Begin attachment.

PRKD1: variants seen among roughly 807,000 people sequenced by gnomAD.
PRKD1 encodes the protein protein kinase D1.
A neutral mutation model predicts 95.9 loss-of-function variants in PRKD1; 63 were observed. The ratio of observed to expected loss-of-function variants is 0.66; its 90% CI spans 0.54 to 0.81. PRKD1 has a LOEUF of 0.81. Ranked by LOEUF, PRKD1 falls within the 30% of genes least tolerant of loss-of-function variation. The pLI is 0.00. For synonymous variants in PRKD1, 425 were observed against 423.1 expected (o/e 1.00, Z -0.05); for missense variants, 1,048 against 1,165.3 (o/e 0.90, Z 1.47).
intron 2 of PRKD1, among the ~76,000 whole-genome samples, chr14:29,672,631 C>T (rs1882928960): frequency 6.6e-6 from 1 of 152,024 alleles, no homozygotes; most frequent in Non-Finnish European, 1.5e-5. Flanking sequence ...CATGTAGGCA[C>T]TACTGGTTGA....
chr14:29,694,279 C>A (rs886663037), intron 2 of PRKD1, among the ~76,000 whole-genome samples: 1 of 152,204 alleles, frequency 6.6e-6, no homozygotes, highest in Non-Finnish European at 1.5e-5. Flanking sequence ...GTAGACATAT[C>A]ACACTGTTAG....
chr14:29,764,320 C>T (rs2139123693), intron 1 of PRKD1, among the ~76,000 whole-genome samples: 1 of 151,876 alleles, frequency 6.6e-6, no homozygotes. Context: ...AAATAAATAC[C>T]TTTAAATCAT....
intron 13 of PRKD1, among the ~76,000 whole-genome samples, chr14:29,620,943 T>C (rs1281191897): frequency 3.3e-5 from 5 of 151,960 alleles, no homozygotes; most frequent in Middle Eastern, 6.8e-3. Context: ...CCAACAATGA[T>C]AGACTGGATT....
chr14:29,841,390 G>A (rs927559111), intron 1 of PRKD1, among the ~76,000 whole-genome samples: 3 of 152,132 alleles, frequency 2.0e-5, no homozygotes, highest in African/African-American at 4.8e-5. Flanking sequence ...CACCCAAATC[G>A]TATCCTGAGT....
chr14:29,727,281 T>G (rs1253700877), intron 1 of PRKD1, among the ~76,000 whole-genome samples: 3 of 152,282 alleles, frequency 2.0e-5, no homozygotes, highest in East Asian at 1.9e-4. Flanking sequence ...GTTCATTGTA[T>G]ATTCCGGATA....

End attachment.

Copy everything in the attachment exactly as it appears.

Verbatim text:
PRKD1: variants seen among roughly 807,000 people sequenced by gnomAD.
PRKD1 encodes the protein protein kinase D1.
A neutral mutation model predicts 95.9 loss-of-function variants in PRKD1; 63 were observed. The ratio of observed to expected loss-of-function variants is 0.66; its 90% CI spans 0.54 to 0.81. PRKD1 has a LOEUF of 0.81. Ranked by LOEUF, PRKD1 falls within the 30% of genes least tolerant of loss-of-function variation. The pLI is 0.00. For synonymous variants in PRKD1, 425 were observed against 423.1 expected (o/e 1.00, Z -0.05); for missense variants, 1,048 against 1,165.3 (o/e 0.90, Z 1.47).
intron 2 of PRKD1, among the ~76,000 whole-genome samples, chr14:29,672,631 C>T (rs1882928960): frequency 6.6e-6 from 1 of 152,024 alleles, no homozygotes; most frequent in Non-Finnish European, 1.5e-5. Flanking sequence ...CATGTAGGCA[C>T]TACTGGTTGA....
chr14:29,694,279 C>A (rs886663037), intron 2 of PRKD1, among the ~76,000 whole-genome samples: 1 of 152,204 alleles, frequency 6.6e-6, no homozygotes, highest in Non-Finnish European at 1.5e-5. Flanking sequence ...GTAGACATAT[C>A]ACACTGTTAG....
chr14:29,764,320 C>T (rs2139123693), intron 1 of PRKD1, among the ~76,000 whole-genome samples: 1 of 151,876 alleles, frequency 6.6e-6, no homozygotes. Context: ...AAATAAATAC[C>T]TTTAAATCAT....
intron 13 of PRKD1, among the ~76,000 whole-genome samples, chr14:29,620,943 T>C (rs1281191897): frequency 3.3e-5 from 5 of 151,960 alleles, no homozygotes; most frequent in Middle Eastern, 6.8e-3. Context: ...CCAACAATGA[T>C]AGACTGGATT....
chr14:29,841,390 G>A (rs927559111), intron 1 of PRKD1, among the ~76,000 whole-genome samples: 3 of 152,132 alleles, frequency 2.0e-5, no homozygotes, highest in African/African-American at 4.8e-5. Flanking sequence ...CACCCAAATC[G>A]TATCCTGAGT....
chr14:29,727,281 T>G (rs1253700877), intron 1 of PRKD1, among the ~76,000 whole-genome samples: 3 of 152,282 alleles, frequency 2.0e-5, no homozygotes, highest in East Asian at 1.9e-4. Flanking sequence ...GTTCATTGTA[T>G]ATTCCGGATA....